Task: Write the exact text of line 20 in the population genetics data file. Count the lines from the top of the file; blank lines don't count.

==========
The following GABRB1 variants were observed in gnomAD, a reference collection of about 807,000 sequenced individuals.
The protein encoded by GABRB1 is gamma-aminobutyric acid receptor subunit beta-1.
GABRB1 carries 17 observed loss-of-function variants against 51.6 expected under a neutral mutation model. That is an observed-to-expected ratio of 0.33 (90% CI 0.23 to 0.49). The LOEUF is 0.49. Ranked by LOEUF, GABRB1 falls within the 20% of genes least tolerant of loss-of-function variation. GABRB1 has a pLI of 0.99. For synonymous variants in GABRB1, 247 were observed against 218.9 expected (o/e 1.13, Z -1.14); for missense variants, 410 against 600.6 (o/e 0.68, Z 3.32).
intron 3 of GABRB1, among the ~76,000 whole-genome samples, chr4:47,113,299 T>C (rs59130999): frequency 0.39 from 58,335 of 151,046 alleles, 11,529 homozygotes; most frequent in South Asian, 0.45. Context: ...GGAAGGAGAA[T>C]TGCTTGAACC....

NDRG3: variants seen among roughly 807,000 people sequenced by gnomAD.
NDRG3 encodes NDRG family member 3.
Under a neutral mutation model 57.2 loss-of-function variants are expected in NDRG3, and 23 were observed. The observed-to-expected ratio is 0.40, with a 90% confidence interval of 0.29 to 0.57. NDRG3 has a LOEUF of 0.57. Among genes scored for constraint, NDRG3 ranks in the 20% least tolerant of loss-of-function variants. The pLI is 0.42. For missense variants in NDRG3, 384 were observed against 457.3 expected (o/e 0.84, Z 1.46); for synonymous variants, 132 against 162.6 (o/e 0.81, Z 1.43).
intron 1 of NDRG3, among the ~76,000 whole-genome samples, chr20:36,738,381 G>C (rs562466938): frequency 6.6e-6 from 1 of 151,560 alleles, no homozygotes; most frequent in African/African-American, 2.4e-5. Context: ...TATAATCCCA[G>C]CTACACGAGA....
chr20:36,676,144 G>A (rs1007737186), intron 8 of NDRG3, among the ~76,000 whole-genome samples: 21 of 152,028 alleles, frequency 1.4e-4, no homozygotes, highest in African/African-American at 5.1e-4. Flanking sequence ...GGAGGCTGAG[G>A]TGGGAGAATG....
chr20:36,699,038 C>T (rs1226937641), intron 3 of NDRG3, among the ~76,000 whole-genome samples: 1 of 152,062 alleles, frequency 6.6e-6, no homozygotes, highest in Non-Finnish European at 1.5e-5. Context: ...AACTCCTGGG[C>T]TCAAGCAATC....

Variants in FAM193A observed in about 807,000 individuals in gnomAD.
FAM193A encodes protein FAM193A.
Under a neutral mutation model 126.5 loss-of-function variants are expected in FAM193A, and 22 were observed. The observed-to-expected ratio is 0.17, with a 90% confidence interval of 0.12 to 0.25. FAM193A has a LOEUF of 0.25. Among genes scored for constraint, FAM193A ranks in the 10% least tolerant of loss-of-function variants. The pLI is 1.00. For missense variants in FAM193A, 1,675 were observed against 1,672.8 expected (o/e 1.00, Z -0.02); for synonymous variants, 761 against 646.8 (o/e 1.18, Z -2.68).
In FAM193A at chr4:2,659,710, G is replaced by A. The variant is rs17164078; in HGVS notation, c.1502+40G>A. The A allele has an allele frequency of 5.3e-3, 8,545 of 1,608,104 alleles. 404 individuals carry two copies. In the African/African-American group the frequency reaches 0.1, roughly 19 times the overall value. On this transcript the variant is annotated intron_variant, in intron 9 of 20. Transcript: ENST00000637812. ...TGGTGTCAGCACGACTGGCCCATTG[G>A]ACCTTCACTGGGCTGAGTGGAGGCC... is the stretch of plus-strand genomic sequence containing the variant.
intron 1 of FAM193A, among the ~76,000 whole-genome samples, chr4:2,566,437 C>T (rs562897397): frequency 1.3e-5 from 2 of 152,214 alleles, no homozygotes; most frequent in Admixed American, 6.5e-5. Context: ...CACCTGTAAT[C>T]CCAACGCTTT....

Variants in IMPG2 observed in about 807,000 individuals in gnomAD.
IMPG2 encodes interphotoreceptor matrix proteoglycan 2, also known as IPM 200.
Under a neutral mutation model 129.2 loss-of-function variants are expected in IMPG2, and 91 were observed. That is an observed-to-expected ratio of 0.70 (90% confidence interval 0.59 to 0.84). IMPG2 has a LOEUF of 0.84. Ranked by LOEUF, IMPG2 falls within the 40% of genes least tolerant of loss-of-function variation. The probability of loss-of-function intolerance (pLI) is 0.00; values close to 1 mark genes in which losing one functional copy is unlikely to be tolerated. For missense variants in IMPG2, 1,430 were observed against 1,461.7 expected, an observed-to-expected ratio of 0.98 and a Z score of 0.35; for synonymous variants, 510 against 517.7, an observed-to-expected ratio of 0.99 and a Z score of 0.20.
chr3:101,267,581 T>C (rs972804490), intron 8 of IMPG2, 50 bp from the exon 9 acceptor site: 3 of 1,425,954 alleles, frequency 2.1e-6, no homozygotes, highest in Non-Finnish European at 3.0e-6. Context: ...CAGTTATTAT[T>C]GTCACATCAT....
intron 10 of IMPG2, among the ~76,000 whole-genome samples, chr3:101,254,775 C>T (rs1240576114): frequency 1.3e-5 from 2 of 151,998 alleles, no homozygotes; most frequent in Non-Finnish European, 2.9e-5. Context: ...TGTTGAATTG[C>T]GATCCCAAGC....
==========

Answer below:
intron 10 of IMPG2, among the ~76,000 whole-genome samples, chr3:101,254,775 C>T (rs1240576114): frequency 1.3e-5 from 2 of 151,998 alleles, no homozygotes; most frequent in Non-Finnish European, 2.9e-5. Context: ...TGTTGAATTG[C>T]GATCCCAAGC....